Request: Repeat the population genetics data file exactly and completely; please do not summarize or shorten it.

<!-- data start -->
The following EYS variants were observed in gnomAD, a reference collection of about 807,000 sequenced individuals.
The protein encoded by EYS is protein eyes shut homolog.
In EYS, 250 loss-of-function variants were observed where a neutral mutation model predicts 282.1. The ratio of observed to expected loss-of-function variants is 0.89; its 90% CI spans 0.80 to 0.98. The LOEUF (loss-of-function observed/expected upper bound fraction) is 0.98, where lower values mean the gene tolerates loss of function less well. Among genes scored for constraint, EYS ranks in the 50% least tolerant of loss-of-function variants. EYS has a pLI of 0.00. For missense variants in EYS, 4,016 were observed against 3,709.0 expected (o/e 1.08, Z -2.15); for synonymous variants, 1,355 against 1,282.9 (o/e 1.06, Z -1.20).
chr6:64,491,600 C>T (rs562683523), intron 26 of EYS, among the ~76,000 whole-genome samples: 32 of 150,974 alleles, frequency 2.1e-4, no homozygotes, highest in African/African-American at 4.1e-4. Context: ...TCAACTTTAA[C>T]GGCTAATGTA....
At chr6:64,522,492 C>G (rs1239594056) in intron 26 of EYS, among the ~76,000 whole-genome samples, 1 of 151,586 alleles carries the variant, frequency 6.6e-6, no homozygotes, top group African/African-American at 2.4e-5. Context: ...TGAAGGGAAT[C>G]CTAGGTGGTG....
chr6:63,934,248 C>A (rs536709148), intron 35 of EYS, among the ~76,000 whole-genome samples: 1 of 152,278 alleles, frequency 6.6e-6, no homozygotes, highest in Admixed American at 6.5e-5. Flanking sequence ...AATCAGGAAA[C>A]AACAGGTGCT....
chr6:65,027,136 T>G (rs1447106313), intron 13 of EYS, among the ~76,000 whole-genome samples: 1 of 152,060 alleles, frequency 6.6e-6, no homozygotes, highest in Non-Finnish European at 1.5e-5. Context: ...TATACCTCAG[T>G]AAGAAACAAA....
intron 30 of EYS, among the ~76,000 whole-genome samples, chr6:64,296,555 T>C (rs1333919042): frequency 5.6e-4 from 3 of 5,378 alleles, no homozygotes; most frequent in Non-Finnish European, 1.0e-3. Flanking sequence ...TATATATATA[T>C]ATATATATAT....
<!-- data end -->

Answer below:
The following EYS variants were observed in gnomAD, a reference collection of about 807,000 sequenced individuals.
The protein encoded by EYS is protein eyes shut homolog.
In EYS, 250 loss-of-function variants were observed where a neutral mutation model predicts 282.1. The ratio of observed to expected loss-of-function variants is 0.89; its 90% CI spans 0.80 to 0.98. The LOEUF (loss-of-function observed/expected upper bound fraction) is 0.98, where lower values mean the gene tolerates loss of function less well. Among genes scored for constraint, EYS ranks in the 50% least tolerant of loss-of-function variants. EYS has a pLI of 0.00. For missense variants in EYS, 4,016 were observed against 3,709.0 expected (o/e 1.08, Z -2.15); for synonymous variants, 1,355 against 1,282.9 (o/e 1.06, Z -1.20).
chr6:64,491,600 C>T (rs562683523), intron 26 of EYS, among the ~76,000 whole-genome samples: 32 of 150,974 alleles, frequency 2.1e-4, no homozygotes, highest in African/African-American at 4.1e-4. Context: ...TCAACTTTAA[C>T]GGCTAATGTA....
At chr6:64,522,492 C>G (rs1239594056) in intron 26 of EYS, among the ~76,000 whole-genome samples, 1 of 151,586 alleles carries the variant, frequency 6.6e-6, no homozygotes, top group African/African-American at 2.4e-5. Context: ...TGAAGGGAAT[C>G]CTAGGTGGTG....
chr6:63,934,248 C>A (rs536709148), intron 35 of EYS, among the ~76,000 whole-genome samples: 1 of 152,278 alleles, frequency 6.6e-6, no homozygotes, highest in Admixed American at 6.5e-5. Flanking sequence ...AATCAGGAAA[C>A]AACAGGTGCT....
chr6:65,027,136 T>G (rs1447106313), intron 13 of EYS, among the ~76,000 whole-genome samples: 1 of 152,060 alleles, frequency 6.6e-6, no homozygotes, highest in Non-Finnish European at 1.5e-5. Context: ...TATACCTCAG[T>G]AAGAAACAAA....
intron 30 of EYS, among the ~76,000 whole-genome samples, chr6:64,296,555 T>C (rs1333919042): frequency 5.6e-4 from 3 of 5,378 alleles, no homozygotes; most frequent in Non-Finnish European, 1.0e-3. Flanking sequence ...TATATATATA[T>C]ATATATATAT....